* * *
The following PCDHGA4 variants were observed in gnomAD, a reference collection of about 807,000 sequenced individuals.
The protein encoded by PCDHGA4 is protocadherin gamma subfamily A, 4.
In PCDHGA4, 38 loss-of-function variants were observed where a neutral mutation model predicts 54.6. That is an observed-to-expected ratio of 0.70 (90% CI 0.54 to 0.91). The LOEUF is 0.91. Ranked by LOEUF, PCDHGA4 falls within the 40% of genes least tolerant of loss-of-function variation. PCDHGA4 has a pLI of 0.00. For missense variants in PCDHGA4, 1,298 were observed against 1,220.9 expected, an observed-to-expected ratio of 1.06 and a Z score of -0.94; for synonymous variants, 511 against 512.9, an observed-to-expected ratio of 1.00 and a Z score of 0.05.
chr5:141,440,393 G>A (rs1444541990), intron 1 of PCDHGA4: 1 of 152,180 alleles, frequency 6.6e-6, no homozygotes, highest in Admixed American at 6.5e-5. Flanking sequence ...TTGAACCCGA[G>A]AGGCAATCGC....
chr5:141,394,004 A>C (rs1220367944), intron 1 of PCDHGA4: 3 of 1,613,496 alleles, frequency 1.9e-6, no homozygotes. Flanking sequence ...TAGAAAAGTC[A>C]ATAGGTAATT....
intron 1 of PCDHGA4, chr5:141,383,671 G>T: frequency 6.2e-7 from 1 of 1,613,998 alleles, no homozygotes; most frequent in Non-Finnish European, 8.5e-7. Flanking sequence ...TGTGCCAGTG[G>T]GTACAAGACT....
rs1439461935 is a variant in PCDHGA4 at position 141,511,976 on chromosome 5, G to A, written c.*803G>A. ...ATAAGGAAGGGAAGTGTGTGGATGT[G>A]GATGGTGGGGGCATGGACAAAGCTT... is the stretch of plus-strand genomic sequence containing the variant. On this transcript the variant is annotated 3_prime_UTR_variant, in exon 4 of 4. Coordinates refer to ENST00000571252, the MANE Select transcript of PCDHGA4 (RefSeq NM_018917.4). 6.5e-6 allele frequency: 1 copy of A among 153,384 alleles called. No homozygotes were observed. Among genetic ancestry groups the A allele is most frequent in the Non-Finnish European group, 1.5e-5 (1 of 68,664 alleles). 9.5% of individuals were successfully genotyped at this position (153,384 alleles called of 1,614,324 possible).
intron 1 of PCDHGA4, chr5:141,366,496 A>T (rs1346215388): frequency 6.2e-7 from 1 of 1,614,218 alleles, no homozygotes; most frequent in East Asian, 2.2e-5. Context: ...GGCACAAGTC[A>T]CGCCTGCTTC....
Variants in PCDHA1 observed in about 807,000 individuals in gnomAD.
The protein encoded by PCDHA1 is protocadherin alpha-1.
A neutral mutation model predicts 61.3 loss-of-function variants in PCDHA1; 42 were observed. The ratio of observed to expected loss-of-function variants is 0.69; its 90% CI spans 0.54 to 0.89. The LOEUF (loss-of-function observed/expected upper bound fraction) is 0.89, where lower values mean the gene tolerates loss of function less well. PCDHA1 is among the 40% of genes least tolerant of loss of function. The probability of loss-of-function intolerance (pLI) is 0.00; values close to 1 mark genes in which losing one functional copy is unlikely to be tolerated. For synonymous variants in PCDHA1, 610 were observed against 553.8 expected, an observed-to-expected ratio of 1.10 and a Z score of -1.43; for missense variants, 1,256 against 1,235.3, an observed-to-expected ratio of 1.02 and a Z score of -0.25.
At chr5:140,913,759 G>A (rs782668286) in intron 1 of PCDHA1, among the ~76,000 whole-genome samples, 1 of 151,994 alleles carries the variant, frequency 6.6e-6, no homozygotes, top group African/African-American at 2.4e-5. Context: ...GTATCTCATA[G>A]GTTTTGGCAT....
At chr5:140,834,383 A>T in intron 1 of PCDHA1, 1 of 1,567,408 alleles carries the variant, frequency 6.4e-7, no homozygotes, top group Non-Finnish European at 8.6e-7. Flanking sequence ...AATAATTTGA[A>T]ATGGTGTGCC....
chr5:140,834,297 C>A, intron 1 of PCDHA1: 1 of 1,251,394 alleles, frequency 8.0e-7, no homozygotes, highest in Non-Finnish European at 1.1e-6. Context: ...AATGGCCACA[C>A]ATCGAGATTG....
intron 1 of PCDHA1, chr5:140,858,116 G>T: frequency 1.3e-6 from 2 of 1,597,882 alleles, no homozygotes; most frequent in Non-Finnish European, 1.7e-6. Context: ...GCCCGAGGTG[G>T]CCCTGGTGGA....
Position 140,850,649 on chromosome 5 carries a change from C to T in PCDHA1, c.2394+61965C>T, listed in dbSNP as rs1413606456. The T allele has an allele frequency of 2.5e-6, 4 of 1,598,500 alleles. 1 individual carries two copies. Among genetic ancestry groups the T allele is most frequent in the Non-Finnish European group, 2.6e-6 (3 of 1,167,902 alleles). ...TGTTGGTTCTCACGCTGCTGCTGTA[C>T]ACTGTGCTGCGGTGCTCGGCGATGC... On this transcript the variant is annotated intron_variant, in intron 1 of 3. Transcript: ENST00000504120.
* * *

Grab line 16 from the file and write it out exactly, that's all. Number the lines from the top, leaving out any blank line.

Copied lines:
Position 140,850,649 on chromosome 5 carries a change from C to T in PCDHA1, c.2394+61965C>T, listed in dbSNP as rs1413606456. The T allele has an allele frequency of 2.5e-6, 4 of 1,598,500 alleles. 1 individual carries two copies. Among genetic ancestry groups the T allele is most frequent in the Non-Finnish European group, 2.6e-6 (3 of 1,167,902 alleles). ...TGTTGGTTCTCACGCTGCTGCTGTA[C>T]ACTGTGCTGCGGTGCTCGGCGATGC... On this transcript the variant is annotated intron_variant, in intron 1 of 3. Transcript: ENST00000504120.